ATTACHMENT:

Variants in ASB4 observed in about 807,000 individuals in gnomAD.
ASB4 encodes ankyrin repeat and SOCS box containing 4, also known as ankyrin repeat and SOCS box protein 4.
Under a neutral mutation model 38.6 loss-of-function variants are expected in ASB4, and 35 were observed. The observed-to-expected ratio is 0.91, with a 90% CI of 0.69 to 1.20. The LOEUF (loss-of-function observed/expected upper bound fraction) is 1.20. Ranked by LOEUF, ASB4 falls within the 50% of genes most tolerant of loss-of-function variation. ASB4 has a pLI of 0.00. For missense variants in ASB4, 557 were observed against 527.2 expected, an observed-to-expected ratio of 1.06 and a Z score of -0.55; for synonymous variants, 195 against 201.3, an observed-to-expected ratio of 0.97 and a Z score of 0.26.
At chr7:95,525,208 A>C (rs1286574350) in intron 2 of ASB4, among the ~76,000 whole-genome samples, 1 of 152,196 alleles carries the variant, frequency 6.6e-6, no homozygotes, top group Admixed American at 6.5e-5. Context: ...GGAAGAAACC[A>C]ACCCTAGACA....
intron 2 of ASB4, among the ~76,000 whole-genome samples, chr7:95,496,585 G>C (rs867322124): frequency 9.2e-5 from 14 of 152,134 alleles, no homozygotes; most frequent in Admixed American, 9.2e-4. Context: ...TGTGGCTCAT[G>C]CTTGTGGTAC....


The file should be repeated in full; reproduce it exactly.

Variants in ASB4 observed in about 807,000 individuals in gnomAD.
ASB4 encodes ankyrin repeat and SOCS box containing 4, also known as ankyrin repeat and SOCS box protein 4.
Under a neutral mutation model 38.6 loss-of-function variants are expected in ASB4, and 35 were observed. The observed-to-expected ratio is 0.91, with a 90% CI of 0.69 to 1.20. The LOEUF (loss-of-function observed/expected upper bound fraction) is 1.20. Ranked by LOEUF, ASB4 falls within the 50% of genes most tolerant of loss-of-function variation. ASB4 has a pLI of 0.00. For missense variants in ASB4, 557 were observed against 527.2 expected, an observed-to-expected ratio of 1.06 and a Z score of -0.55; for synonymous variants, 195 against 201.3, an observed-to-expected ratio of 0.97 and a Z score of 0.26.
At chr7:95,525,208 A>C (rs1286574350) in intron 2 of ASB4, among the ~76,000 whole-genome samples, 1 of 152,196 alleles carries the variant, frequency 6.6e-6, no homozygotes, top group Admixed American at 6.5e-5. Context: ...GGAAGAAACC[A>C]ACCCTAGACA....
intron 2 of ASB4, among the ~76,000 whole-genome samples, chr7:95,496,585 G>C (rs867322124): frequency 9.2e-5 from 14 of 152,134 alleles, no homozygotes; most frequent in Admixed American, 9.2e-4. Context: ...TGTGGCTCAT[G>C]CTTGTGGTAC....